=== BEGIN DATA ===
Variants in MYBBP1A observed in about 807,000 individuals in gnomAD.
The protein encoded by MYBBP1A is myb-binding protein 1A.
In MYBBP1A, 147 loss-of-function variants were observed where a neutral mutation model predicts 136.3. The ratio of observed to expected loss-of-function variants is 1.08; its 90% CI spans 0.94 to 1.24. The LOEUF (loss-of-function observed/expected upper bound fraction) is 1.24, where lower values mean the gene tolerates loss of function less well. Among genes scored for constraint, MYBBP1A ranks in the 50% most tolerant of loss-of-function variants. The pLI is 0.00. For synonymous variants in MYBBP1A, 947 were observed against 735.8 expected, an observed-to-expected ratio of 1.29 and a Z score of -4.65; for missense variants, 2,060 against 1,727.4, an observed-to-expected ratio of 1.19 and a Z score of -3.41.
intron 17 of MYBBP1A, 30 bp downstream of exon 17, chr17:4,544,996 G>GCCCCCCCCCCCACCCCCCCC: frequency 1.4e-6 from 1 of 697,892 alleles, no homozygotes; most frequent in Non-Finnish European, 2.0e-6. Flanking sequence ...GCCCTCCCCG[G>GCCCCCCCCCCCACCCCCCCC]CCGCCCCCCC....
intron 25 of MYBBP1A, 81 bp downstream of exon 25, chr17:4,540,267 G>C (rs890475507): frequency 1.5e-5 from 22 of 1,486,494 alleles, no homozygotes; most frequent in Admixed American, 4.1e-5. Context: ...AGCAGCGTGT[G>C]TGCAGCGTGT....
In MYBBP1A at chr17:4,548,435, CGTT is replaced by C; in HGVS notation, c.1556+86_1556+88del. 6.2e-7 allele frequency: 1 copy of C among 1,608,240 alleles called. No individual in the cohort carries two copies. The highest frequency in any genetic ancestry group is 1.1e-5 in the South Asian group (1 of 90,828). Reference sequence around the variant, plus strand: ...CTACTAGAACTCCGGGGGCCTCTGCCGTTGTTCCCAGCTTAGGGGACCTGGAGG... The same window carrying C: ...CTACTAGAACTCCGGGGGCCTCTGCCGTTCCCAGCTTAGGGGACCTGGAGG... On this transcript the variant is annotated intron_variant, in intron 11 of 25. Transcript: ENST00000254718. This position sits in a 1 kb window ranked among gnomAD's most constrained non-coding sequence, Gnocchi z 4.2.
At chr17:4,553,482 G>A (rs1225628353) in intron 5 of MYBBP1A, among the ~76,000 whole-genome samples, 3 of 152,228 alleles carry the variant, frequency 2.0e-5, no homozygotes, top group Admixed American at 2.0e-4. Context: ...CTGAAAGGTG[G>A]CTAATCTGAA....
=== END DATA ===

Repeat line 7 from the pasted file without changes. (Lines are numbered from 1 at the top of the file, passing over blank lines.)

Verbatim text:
At chr17:4,553,482 G>A (rs1225628353) in intron 5 of MYBBP1A, among the ~76,000 whole-genome samples, 3 of 152,228 alleles carry the variant, frequency 2.0e-5, no homozygotes, top group Admixed American at 2.0e-4. Context: ...CTGAAAGGTG[G>A]CTAATCTGAA....